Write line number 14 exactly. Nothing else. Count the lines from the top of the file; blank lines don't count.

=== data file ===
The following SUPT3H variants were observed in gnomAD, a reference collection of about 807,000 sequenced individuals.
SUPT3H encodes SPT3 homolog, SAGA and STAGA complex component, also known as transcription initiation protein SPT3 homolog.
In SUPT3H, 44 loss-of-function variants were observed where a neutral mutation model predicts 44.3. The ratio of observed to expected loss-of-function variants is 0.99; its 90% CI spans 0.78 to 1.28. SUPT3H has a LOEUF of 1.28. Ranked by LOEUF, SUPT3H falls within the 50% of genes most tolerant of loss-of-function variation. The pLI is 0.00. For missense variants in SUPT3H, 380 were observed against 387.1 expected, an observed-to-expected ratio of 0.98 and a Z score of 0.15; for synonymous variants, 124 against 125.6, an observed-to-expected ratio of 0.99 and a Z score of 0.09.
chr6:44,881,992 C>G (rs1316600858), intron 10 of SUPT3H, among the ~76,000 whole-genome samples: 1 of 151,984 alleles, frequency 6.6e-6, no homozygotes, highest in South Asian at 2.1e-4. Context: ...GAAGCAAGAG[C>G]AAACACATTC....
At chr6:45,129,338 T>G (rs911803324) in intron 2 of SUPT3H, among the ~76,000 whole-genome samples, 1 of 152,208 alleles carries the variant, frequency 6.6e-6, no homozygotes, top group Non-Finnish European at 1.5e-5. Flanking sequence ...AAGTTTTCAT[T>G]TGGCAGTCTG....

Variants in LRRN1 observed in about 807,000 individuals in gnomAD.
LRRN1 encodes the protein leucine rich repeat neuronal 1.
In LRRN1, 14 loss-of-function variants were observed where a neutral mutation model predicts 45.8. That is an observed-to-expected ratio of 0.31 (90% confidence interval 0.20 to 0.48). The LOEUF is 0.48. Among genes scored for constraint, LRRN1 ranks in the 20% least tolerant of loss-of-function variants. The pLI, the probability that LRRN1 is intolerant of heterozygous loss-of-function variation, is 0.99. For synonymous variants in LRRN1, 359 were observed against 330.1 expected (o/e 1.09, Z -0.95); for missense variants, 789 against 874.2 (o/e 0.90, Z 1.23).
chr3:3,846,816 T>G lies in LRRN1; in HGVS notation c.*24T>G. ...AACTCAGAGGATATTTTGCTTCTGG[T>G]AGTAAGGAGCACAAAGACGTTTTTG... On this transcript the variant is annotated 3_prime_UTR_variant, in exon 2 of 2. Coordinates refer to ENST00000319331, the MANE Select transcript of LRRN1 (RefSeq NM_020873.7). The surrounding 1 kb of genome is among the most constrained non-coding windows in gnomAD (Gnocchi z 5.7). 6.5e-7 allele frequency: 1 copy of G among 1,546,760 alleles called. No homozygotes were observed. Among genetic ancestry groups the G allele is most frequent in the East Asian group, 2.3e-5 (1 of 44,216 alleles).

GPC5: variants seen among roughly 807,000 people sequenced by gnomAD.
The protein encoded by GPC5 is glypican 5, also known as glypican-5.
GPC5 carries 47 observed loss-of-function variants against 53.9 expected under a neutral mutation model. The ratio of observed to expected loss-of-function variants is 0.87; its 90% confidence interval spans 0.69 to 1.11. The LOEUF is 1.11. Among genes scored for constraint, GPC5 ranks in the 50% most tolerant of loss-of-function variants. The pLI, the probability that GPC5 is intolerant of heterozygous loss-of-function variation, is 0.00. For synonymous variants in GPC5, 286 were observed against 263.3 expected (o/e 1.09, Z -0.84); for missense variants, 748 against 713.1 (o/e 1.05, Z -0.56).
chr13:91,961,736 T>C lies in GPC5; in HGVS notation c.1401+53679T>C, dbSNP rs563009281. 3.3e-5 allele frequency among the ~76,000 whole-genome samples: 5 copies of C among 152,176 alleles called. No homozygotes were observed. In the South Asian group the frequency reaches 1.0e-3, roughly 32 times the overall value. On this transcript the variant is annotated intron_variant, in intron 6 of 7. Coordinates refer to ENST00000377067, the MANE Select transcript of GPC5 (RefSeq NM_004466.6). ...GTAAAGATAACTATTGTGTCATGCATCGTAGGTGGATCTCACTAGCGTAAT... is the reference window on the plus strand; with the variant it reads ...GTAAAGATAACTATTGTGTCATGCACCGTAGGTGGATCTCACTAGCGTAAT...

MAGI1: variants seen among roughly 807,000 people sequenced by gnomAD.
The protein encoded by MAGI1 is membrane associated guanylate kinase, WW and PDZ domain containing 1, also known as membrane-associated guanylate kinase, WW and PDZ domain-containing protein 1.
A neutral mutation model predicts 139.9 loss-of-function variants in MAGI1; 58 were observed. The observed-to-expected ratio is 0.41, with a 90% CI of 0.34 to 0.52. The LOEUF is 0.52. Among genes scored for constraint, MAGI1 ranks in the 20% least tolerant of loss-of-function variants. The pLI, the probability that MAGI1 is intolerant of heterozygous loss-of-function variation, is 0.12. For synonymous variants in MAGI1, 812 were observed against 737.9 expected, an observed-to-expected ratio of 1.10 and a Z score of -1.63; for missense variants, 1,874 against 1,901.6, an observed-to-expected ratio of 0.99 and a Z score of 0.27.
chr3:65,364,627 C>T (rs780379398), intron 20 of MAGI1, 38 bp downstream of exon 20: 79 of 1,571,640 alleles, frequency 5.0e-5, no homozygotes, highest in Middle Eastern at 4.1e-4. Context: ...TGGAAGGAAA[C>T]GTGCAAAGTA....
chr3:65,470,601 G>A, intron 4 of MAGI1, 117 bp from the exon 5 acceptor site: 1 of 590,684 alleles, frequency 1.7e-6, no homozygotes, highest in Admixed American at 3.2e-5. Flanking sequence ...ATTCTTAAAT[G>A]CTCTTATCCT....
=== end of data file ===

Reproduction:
MAGI1: variants seen among roughly 807,000 people sequenced by gnomAD.